Witnessing the mental health problems that students have encountered over the first 12 months of the Covid-19 pandemic has sparked an exciting new initiative from therapist-matching site welldoing.org. The discounted Personalised Matching Service for Students enables those in full-time education to be matched with a therapist prepared to lower their usual fees to help out this especially vulnerable group.

As welldoing.org CEO Louise Chunn says, “When we recently surveyed our therapist members about the last 12 months, we found that many are seeing a lot more students than usual; they are concerned at increasing levels of anxiety and depression as these young people feel more and more alienated and upset about the effect of the pandemic on their university experience. It is a short period in life, but expectations are high, and there is a great sense of loss among students.”

Why students need help now

According to a survey by the National Union of Students from the end of 2020 52% of students say their mental health has deteriorated or been affected negatively by Covid-19, but only 20% have sought mental health support. Of those seeking help only half are satisfied with how they’ve been supported.

Many students have found that their university counselling centres are full or that they do not qualify for the help they need.  Encouraged by universities and therapist members welldoing.org has been working for several months on developing a simple, low-cost way of accessing top quality online counselling and therapy for students who want help.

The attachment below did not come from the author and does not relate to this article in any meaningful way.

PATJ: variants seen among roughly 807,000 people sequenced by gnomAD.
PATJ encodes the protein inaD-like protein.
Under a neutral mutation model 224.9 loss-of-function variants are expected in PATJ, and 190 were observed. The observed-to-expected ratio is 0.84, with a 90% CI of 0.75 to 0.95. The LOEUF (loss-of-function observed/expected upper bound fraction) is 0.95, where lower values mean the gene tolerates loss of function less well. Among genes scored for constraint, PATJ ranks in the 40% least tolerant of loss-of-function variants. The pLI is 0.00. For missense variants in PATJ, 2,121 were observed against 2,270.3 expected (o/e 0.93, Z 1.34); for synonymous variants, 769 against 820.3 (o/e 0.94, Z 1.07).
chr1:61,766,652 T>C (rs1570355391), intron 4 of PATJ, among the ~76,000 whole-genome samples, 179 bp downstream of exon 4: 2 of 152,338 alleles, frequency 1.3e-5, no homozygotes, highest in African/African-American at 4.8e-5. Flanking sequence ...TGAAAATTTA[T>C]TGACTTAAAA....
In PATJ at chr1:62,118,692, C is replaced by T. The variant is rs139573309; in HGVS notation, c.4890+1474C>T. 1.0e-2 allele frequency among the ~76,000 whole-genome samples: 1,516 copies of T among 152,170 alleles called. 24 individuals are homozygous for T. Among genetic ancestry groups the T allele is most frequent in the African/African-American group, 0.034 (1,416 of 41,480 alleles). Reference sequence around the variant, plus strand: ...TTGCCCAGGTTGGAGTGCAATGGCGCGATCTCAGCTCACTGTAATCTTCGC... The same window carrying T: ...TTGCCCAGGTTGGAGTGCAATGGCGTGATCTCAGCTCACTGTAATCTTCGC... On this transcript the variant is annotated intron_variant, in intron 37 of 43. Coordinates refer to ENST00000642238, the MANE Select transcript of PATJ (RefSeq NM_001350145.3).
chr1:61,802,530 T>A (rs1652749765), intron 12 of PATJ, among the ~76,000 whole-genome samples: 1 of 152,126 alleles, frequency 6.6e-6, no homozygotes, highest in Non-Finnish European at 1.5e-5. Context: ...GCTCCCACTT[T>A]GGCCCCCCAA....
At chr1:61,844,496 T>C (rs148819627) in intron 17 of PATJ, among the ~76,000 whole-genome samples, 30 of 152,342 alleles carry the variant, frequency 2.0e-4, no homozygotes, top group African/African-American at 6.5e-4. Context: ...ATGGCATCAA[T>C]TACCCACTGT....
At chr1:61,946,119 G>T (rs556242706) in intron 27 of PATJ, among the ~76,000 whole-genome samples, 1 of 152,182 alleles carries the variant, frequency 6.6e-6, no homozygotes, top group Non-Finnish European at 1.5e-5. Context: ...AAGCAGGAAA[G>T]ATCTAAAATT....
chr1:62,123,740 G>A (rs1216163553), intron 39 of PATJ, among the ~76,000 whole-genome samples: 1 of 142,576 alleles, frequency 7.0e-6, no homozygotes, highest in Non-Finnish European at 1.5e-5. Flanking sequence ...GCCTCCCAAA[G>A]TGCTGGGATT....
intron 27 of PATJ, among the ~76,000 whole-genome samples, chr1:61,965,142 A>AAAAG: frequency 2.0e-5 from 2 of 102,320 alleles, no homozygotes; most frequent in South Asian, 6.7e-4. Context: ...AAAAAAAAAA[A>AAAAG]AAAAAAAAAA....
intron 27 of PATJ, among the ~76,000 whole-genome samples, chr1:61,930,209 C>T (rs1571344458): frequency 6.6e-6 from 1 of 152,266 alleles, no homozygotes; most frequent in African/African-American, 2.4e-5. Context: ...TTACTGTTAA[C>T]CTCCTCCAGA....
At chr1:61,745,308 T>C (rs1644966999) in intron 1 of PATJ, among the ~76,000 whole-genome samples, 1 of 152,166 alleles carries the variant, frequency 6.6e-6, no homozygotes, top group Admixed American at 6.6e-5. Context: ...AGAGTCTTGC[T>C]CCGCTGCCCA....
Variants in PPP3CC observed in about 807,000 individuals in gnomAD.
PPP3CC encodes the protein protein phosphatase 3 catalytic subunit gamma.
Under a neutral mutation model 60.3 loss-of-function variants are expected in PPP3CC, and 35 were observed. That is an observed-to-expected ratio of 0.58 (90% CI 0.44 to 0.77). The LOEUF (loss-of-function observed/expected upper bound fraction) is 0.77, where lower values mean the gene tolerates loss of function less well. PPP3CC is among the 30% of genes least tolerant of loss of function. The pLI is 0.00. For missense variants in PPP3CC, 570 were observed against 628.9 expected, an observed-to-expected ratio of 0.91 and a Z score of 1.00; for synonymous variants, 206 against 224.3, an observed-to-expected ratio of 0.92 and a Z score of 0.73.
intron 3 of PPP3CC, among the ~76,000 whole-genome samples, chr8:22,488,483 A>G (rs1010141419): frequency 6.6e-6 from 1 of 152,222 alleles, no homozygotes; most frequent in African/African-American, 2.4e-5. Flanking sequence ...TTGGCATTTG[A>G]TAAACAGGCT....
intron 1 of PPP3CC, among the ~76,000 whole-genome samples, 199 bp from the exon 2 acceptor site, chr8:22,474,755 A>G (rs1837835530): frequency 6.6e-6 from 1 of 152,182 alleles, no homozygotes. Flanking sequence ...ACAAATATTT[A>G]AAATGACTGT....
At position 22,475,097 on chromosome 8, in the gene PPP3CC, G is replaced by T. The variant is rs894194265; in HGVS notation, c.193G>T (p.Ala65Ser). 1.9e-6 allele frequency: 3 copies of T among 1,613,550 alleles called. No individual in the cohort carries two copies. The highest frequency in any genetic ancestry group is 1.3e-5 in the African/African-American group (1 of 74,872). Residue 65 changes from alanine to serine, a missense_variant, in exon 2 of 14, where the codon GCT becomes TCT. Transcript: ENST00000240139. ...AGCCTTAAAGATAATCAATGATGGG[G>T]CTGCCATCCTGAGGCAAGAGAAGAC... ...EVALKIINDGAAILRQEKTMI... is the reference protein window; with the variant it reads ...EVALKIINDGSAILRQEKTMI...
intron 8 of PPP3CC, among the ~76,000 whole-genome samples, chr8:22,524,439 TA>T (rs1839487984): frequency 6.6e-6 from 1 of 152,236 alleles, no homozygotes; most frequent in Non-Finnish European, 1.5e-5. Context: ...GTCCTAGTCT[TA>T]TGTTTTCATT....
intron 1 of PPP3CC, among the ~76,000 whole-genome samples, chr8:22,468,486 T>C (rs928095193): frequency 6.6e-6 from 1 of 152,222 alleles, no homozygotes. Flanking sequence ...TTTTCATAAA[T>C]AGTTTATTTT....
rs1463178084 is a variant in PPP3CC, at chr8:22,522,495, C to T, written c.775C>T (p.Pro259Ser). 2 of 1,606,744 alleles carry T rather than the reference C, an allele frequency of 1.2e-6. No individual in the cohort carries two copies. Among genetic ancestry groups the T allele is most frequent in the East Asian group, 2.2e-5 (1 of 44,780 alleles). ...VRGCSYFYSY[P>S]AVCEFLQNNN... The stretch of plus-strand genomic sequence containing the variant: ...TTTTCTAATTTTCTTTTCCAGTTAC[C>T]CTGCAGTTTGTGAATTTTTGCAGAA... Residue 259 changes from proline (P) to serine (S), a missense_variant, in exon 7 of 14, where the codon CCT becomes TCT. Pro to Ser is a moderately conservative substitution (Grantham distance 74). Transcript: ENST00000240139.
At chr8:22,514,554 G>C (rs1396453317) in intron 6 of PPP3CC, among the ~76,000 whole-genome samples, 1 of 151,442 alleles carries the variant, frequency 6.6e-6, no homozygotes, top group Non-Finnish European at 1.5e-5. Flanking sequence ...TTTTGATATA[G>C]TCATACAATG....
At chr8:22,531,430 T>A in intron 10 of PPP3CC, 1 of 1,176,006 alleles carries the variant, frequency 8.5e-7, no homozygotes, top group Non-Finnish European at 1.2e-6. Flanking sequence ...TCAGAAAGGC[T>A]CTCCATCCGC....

How it works

  • Students to fill in a short assessment form and pay £36 (VAT inclusive). 
  • Each client will be assessed by a professional and matched with one of more than 100 welldoing.org therapists who have offered this online student discount. 
  • The pay £35 per session; this will be charged with £2.50 booking fee on top. 

These therapists are verified members of their professional associations, and have agreed to offer at least six sessions to any students who come through the matching system. The discounted prices are not evident on their profiles.

What our therapists are seeing

“I have seen many students during this period, particularly in their second and third years. They are feeling very isolated and disconnected from family, friends, the university. Social life is so important at this age, so the sense of missing out is much more impactful for younger people.”

Ali Morley, therapist in Somerset

“Students are often living in a house with the same people, struggling not to be contaminated by other people’s emotions. Some of them simply haven’t developed enough to deal well with such things. I help them deal with rumination, but it does seem to take longer, with more therapy sessions, with young people.”

Lee Pycroft, therapist in South-West London

“I’ve seen a much higher than usual demand from university students  in the 19-22 age bracket, generally with anxiety-based issues. There was anxiety to do with changes in the ways they were taught, and they were feeling very isolated at a time that was meant to be social. Even if they don’t feel it now, later they will probably feel loss or resentment.”
Chris James, clinical psychologist in South Wales

Click on Personalised Matching Service for Students to find an online low-cost therapist for students.